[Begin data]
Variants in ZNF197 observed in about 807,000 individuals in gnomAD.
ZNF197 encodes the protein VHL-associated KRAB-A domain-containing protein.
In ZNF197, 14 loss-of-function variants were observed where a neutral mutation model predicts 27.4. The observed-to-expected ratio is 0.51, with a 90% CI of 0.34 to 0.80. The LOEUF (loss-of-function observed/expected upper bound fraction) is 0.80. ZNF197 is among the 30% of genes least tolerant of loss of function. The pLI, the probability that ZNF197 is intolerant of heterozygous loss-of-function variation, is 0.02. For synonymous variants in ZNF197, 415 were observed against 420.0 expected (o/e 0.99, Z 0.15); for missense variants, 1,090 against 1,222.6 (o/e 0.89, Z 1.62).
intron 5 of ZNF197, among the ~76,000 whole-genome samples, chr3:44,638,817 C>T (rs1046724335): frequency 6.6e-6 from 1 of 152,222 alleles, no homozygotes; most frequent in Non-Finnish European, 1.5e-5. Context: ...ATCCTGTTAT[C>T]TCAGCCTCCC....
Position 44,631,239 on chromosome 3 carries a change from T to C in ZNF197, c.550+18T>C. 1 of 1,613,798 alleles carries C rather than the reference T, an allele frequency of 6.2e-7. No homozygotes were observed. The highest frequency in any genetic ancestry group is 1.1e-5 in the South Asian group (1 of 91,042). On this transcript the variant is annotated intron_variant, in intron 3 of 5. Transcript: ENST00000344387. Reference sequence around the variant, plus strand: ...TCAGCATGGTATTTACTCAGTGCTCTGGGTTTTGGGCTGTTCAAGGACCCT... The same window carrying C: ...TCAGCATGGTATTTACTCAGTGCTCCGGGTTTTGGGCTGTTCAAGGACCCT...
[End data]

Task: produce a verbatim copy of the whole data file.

Variants in ZNF197 observed in about 807,000 individuals in gnomAD.
ZNF197 encodes the protein VHL-associated KRAB-A domain-containing protein.
In ZNF197, 14 loss-of-function variants were observed where a neutral mutation model predicts 27.4. The observed-to-expected ratio is 0.51, with a 90% CI of 0.34 to 0.80. The LOEUF (loss-of-function observed/expected upper bound fraction) is 0.80. ZNF197 is among the 30% of genes least tolerant of loss of function. The pLI, the probability that ZNF197 is intolerant of heterozygous loss-of-function variation, is 0.02. For synonymous variants in ZNF197, 415 were observed against 420.0 expected (o/e 0.99, Z 0.15); for missense variants, 1,090 against 1,222.6 (o/e 0.89, Z 1.62).
intron 5 of ZNF197, among the ~76,000 whole-genome samples, chr3:44,638,817 C>T (rs1046724335): frequency 6.6e-6 from 1 of 152,222 alleles, no homozygotes; most frequent in Non-Finnish European, 1.5e-5. Context: ...ATCCTGTTAT[C>T]TCAGCCTCCC....
Position 44,631,239 on chromosome 3 carries a change from T to C in ZNF197, c.550+18T>C. 1 of 1,613,798 alleles carries C rather than the reference T, an allele frequency of 6.2e-7. No homozygotes were observed. The highest frequency in any genetic ancestry group is 1.1e-5 in the South Asian group (1 of 91,042). On this transcript the variant is annotated intron_variant, in intron 3 of 5. Transcript: ENST00000344387. Reference sequence around the variant, plus strand: ...TCAGCATGGTATTTACTCAGTGCTCTGGGTTTTGGGCTGTTCAAGGACCCT... The same window carrying C: ...TCAGCATGGTATTTACTCAGTGCTCCGGGTTTTGGGCTGTTCAAGGACCCT...